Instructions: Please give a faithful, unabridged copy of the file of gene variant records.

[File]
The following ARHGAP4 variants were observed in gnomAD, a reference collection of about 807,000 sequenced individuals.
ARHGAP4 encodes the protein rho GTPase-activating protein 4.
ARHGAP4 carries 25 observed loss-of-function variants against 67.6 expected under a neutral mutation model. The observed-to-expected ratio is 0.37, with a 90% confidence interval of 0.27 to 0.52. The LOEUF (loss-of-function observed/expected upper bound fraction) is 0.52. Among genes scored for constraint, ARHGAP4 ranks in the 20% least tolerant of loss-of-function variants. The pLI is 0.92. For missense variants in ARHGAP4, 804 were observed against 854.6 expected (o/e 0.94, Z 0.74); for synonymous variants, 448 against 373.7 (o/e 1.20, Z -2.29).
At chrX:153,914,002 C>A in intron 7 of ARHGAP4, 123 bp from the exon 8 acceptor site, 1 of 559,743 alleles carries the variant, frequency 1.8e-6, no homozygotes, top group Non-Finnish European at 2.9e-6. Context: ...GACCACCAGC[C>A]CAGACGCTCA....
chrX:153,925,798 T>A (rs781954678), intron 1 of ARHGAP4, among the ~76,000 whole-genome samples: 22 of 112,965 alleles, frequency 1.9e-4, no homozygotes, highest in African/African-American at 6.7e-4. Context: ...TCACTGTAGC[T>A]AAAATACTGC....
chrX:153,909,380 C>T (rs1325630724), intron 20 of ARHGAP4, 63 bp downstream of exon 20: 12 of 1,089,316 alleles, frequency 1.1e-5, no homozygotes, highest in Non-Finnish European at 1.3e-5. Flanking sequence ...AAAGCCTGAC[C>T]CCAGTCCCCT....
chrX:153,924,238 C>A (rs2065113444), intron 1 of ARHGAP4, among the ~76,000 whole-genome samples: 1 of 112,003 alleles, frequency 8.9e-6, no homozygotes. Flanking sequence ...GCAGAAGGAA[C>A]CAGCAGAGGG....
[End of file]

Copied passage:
The following ARHGAP4 variants were observed in gnomAD, a reference collection of about 807,000 sequenced individuals.
ARHGAP4 encodes the protein rho GTPase-activating protein 4.
ARHGAP4 carries 25 observed loss-of-function variants against 67.6 expected under a neutral mutation model. The observed-to-expected ratio is 0.37, with a 90% confidence interval of 0.27 to 0.52. The LOEUF (loss-of-function observed/expected upper bound fraction) is 0.52. Among genes scored for constraint, ARHGAP4 ranks in the 20% least tolerant of loss-of-function variants. The pLI is 0.92. For missense variants in ARHGAP4, 804 were observed against 854.6 expected (o/e 0.94, Z 0.74); for synonymous variants, 448 against 373.7 (o/e 1.20, Z -2.29).
At chrX:153,914,002 C>A in intron 7 of ARHGAP4, 123 bp from the exon 8 acceptor site, 1 of 559,743 alleles carries the variant, frequency 1.8e-6, no homozygotes, top group Non-Finnish European at 2.9e-6. Context: ...GACCACCAGC[C>A]CAGACGCTCA....
chrX:153,925,798 T>A (rs781954678), intron 1 of ARHGAP4, among the ~76,000 whole-genome samples: 22 of 112,965 alleles, frequency 1.9e-4, no homozygotes, highest in African/African-American at 6.7e-4. Context: ...TCACTGTAGC[T>A]AAAATACTGC....
chrX:153,909,380 C>T (rs1325630724), intron 20 of ARHGAP4, 63 bp downstream of exon 20: 12 of 1,089,316 alleles, frequency 1.1e-5, no homozygotes, highest in Non-Finnish European at 1.3e-5. Flanking sequence ...AAAGCCTGAC[C>T]CCAGTCCCCT....
chrX:153,924,238 C>A (rs2065113444), intron 1 of ARHGAP4, among the ~76,000 whole-genome samples: 1 of 112,003 alleles, frequency 8.9e-6, no homozygotes. Flanking sequence ...GCAGAAGGAA[C>A]CAGCAGAGGG....